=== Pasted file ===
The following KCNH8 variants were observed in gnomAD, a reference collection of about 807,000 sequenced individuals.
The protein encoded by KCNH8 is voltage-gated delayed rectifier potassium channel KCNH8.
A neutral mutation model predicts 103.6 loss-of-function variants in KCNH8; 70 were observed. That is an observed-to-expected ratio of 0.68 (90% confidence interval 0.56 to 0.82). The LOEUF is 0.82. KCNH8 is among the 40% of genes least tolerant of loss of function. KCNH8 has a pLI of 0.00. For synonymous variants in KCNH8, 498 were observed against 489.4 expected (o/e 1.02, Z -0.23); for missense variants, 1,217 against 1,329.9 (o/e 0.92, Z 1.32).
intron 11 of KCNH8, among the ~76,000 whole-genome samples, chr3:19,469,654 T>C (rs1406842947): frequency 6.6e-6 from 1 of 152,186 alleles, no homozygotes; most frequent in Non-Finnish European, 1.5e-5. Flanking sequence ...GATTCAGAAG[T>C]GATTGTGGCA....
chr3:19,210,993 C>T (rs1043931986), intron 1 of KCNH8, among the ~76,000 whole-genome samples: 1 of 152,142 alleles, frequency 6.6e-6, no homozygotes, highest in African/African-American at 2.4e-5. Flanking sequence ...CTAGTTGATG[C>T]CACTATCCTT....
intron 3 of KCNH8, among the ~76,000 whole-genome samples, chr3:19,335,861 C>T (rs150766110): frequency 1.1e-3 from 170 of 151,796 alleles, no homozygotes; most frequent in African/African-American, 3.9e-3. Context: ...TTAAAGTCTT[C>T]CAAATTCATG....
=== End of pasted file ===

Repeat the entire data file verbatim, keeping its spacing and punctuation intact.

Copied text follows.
The following KCNH8 variants were observed in gnomAD, a reference collection of about 807,000 sequenced individuals.
The protein encoded by KCNH8 is voltage-gated delayed rectifier potassium channel KCNH8.
A neutral mutation model predicts 103.6 loss-of-function variants in KCNH8; 70 were observed. That is an observed-to-expected ratio of 0.68 (90% confidence interval 0.56 to 0.82). The LOEUF is 0.82. KCNH8 is among the 40% of genes least tolerant of loss of function. KCNH8 has a pLI of 0.00. For synonymous variants in KCNH8, 498 were observed against 489.4 expected (o/e 1.02, Z -0.23); for missense variants, 1,217 against 1,329.9 (o/e 0.92, Z 1.32).
intron 11 of KCNH8, among the ~76,000 whole-genome samples, chr3:19,469,654 T>C (rs1406842947): frequency 6.6e-6 from 1 of 152,186 alleles, no homozygotes; most frequent in Non-Finnish European, 1.5e-5. Flanking sequence ...GATTCAGAAG[T>C]GATTGTGGCA....
chr3:19,210,993 C>T (rs1043931986), intron 1 of KCNH8, among the ~76,000 whole-genome samples: 1 of 152,142 alleles, frequency 6.6e-6, no homozygotes, highest in African/African-American at 2.4e-5. Flanking sequence ...CTAGTTGATG[C>T]CACTATCCTT....
intron 3 of KCNH8, among the ~76,000 whole-genome samples, chr3:19,335,861 C>T (rs150766110): frequency 1.1e-3 from 170 of 151,796 alleles, no homozygotes; most frequent in African/African-American, 3.9e-3. Context: ...TTAAAGTCTT[C>T]CAAATTCATG....